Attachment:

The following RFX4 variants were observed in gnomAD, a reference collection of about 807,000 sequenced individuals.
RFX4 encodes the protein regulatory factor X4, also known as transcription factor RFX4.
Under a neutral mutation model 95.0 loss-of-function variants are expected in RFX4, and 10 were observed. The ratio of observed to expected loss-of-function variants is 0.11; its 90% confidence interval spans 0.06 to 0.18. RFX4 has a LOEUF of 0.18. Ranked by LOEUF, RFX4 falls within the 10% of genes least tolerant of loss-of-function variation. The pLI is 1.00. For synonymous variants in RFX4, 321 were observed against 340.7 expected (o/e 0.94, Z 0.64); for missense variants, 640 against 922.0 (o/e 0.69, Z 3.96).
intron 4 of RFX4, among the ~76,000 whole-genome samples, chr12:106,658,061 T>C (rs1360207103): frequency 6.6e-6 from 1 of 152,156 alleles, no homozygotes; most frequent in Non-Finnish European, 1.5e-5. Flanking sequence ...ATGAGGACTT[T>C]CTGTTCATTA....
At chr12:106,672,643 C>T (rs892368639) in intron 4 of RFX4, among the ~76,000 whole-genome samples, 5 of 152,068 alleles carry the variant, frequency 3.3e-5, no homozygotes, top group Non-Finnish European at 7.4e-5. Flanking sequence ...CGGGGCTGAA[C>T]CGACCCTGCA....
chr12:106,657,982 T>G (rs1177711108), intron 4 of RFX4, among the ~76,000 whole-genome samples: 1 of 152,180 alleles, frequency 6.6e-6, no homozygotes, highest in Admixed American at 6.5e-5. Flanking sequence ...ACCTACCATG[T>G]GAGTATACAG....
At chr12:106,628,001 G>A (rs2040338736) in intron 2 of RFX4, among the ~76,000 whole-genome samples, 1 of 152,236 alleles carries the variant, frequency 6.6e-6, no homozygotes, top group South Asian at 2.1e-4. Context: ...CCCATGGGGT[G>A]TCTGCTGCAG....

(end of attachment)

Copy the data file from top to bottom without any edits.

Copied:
The following RFX4 variants were observed in gnomAD, a reference collection of about 807,000 sequenced individuals.
RFX4 encodes the protein regulatory factor X4, also known as transcription factor RFX4.
Under a neutral mutation model 95.0 loss-of-function variants are expected in RFX4, and 10 were observed. The ratio of observed to expected loss-of-function variants is 0.11; its 90% confidence interval spans 0.06 to 0.18. RFX4 has a LOEUF of 0.18. Ranked by LOEUF, RFX4 falls within the 10% of genes least tolerant of loss-of-function variation. The pLI is 1.00. For synonymous variants in RFX4, 321 were observed against 340.7 expected (o/e 0.94, Z 0.64); for missense variants, 640 against 922.0 (o/e 0.69, Z 3.96).
intron 4 of RFX4, among the ~76,000 whole-genome samples, chr12:106,658,061 T>C (rs1360207103): frequency 6.6e-6 from 1 of 152,156 alleles, no homozygotes; most frequent in Non-Finnish European, 1.5e-5. Flanking sequence ...ATGAGGACTT[T>C]CTGTTCATTA....
At chr12:106,672,643 C>T (rs892368639) in intron 4 of RFX4, among the ~76,000 whole-genome samples, 5 of 152,068 alleles carry the variant, frequency 3.3e-5, no homozygotes, top group Non-Finnish European at 7.4e-5. Flanking sequence ...CGGGGCTGAA[C>T]CGACCCTGCA....
chr12:106,657,982 T>G (rs1177711108), intron 4 of RFX4, among the ~76,000 whole-genome samples: 1 of 152,180 alleles, frequency 6.6e-6, no homozygotes, highest in Admixed American at 6.5e-5. Flanking sequence ...ACCTACCATG[T>G]GAGTATACAG....
At chr12:106,628,001 G>A (rs2040338736) in intron 2 of RFX4, among the ~76,000 whole-genome samples, 1 of 152,236 alleles carries the variant, frequency 6.6e-6, no homozygotes, top group South Asian at 2.1e-4. Context: ...CCCATGGGGT[G>A]TCTGCTGCAG....